\NXP-MCUBootUtility \apps --Place example source image files \bin --Place NXP-MCUBootUtility.exe and user configuration file \doc --Place reference documents related to NXP MCU Boot \env --Place scripts to install the NXP-MCUBootUtility development environment and to do package \gen --Place temporary files generated during the use of NXP-MCUBootUtility \bd_file -- Generated BD files based on configuration \bee_crypto -- Generated BEE encryption related files \bootable_image -- Generated bootable image file \dcd_file -- Generated DCD data file \hab_cert -- Generated HAB signature related files \hab_crypto -- Generated HAB encryption related files \log_file -- Saved software operation log \user_file -- Temporary files \gui --Place NXP-MCUBootUtility development UI build project file \img --Place the image to be loaded during the use of NXP-MCUBootUtility \src --Place all Python source code files for developing NXP-MCUBootUtility \tools --Place all external programs to be called during the use of NXP-MCUBootUtility \blhost -- Host command line tool to communicate with Flashloader \cst -- HAB encryption command line tool \elftosb -- Command line tool to generate bootable image \ide_utils -- Command line tool to convert image format \image_enc -- BEE encryption command line tool \imgutil -- Command line tool to generate DCD data \openssl -- Standard tool to generate certificates and keys \sdphost -- Host command line tool to communicate with ROM
The following figure shows the main interface of the NXP-MCUBootUtility tool. The interface consists of six parts. The functions of each part are as follows:
- [Menu Bar]: Functional menu bar, providing general software settings.
- [Target Setup]: Target device setting bar, providing MCU Device and Boot Device configuration options.
- [Port Setup]: In the serial interface setting field, select the interface for connecting to the MCU Device.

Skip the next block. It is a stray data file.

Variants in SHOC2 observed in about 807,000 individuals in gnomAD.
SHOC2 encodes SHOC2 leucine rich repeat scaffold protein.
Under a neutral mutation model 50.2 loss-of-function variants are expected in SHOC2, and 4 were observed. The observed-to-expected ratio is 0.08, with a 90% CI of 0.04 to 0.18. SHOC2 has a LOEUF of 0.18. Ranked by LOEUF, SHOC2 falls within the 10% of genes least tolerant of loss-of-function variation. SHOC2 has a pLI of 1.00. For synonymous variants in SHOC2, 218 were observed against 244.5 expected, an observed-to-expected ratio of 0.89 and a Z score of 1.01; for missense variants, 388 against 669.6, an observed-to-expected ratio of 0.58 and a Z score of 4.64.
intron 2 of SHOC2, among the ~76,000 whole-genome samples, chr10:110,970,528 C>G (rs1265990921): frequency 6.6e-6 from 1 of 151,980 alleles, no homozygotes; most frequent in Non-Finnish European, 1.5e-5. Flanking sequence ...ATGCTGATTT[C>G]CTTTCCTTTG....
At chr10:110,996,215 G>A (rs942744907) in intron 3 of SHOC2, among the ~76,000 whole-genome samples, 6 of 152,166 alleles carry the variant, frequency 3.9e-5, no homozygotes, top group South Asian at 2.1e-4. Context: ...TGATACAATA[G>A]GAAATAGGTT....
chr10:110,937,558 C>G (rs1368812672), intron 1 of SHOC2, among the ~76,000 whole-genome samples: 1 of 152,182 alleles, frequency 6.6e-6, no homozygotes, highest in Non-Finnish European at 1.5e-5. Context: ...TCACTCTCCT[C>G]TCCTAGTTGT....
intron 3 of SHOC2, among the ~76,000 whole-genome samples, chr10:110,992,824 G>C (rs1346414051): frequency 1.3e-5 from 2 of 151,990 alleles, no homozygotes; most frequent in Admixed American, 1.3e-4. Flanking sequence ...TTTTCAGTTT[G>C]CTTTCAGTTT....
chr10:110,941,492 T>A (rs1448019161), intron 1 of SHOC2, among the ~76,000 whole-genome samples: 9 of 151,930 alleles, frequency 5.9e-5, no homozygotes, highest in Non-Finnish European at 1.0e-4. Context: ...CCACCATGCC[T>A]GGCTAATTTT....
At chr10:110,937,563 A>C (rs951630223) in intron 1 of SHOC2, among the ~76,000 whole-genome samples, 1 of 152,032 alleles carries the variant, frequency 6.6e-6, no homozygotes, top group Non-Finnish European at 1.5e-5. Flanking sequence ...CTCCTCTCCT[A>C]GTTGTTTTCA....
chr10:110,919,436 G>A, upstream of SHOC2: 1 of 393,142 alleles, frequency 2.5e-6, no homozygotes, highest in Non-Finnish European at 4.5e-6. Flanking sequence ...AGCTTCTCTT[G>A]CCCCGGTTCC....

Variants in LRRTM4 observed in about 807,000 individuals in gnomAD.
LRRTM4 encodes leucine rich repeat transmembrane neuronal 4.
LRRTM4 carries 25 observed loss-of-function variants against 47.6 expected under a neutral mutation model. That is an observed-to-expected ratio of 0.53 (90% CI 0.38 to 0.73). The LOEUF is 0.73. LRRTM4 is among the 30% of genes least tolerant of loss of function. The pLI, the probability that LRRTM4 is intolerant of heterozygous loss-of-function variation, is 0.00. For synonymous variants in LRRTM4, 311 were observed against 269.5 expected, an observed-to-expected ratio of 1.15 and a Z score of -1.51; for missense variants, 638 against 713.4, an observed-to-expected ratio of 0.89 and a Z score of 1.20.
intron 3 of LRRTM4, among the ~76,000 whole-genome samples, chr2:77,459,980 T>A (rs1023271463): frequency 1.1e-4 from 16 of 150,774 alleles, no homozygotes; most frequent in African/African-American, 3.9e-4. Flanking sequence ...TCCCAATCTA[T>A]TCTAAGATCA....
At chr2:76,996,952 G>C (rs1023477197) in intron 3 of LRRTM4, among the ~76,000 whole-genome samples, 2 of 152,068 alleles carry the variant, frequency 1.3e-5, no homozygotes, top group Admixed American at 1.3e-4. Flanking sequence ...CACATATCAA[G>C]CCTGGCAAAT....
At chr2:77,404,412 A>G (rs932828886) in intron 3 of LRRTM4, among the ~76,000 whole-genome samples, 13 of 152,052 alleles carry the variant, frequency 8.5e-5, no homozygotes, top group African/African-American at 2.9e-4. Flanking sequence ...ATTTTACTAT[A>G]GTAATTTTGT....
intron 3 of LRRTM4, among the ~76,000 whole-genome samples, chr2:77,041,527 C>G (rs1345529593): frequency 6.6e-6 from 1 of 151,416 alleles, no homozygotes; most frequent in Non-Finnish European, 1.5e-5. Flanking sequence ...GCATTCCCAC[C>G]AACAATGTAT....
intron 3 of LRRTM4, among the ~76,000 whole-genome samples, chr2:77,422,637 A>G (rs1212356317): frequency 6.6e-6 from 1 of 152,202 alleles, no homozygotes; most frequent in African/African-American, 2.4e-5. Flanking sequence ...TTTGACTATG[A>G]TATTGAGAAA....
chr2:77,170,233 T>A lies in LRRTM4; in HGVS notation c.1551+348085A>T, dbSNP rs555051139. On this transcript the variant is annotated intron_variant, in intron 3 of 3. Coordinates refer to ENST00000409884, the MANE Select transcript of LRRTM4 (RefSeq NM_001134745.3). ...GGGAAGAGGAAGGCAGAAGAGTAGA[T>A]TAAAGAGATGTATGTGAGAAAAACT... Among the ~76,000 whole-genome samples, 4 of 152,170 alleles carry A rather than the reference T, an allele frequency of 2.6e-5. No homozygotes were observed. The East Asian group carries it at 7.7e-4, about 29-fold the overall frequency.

- [Device Status]: The target device status information field is used to display the status of the target device after connecting to the target device.
- [Secure Boot Action]: Secure boot main interface, providing all operations for encrypting the target device.
- [Log Info]: Operation log bar, recording software operation log
There are two main preparations before using the NXP-MCUBootUtility tool: 1. Prepare the i.MXRT hardware board and the serial download cable (USB/UART). 2. Prepare the source image file for downloading into Flash.
For serial download line connections, you need to check the System Boot chapter of the i.MXRT Reference Manual to ensure that the connected UART/USB pins are specified by the BootROM.
Regarding the source image file preparation, the NXP-MCUBootUtility tool can recognize the images of the five common formats (elf/axf/srec/hex/bin). The only thing you need to care is that the source image does not need to contain any headers required for i.MXRT boot ( IVT, BootData, etc.), NXP-MCUBootUtility will automatically add the headers required for i.MXRT to load and boot.
Take the NXP official SDK as an example to further explain the generation of the source image file, register and log in to the NXP official website, go to the MCUXpresso SDK Builder page, select the appropriate MCU chip and IDE (take RT1060 chip, IAR IDE as an example) and click Download SDK to get SDK_2.4.0_EVK-MIMXRT1060.zip.
Use IAR to open the \boards\evkmimxrt1060\demo_apps\led_blinky\iar\led_blinky.eww sample application in the SDK package:
The led_blinky application actually contains three projects (ram/flexspi_nor/sdram), which correspond to three different linker files (.icf). The image generated by the ram project is the so-called Non-XIP image, and the image generated by the flexspi_nor project is so-called XIP image.
By default, the image files generated by the ram project and the flexspi_nor project cannot be used directly by NXP-MCUBootUtility, and some minor changes are required.
You need to modify the linker file for the ram project as follows: (It is recommended to put the link interrupt vector table start from 0x3000, and reserve some memory space in front of the interrupt vector table for placing the file header required for i.MXRT boot).
define symbol m_interrupts_start = 0x00003000; // 0x00000000 define symbol m_interrupts_end = 0x000033FF; // 0x000003FF define symbol m_text_start = 0x00003400; // 0x00000400 define symbol m_text_end = 0x0001FFFF; define symbol m_data_start = 0x20000000; define symbol m_data_end = 0x2001FFFF; define symbol m_data2_start = 0x20200000; define symbol m_data2_end = 0x202BFFFF;
You need to modify the Defined symbols in the project configuration options for the flexspi_nor project as follows: (Set XIP_BOOT_HEADER_ENABLE to 0, It is no need to generate an image containing the i.MXRT boot headers).
If you just want to quickly verify the NXP-MCUBootUtility tool, all the led_blinky application image files of NXP's official i.MXRT evaluation boards are stored by default in the NXP-MCUBootUtility\apps folder.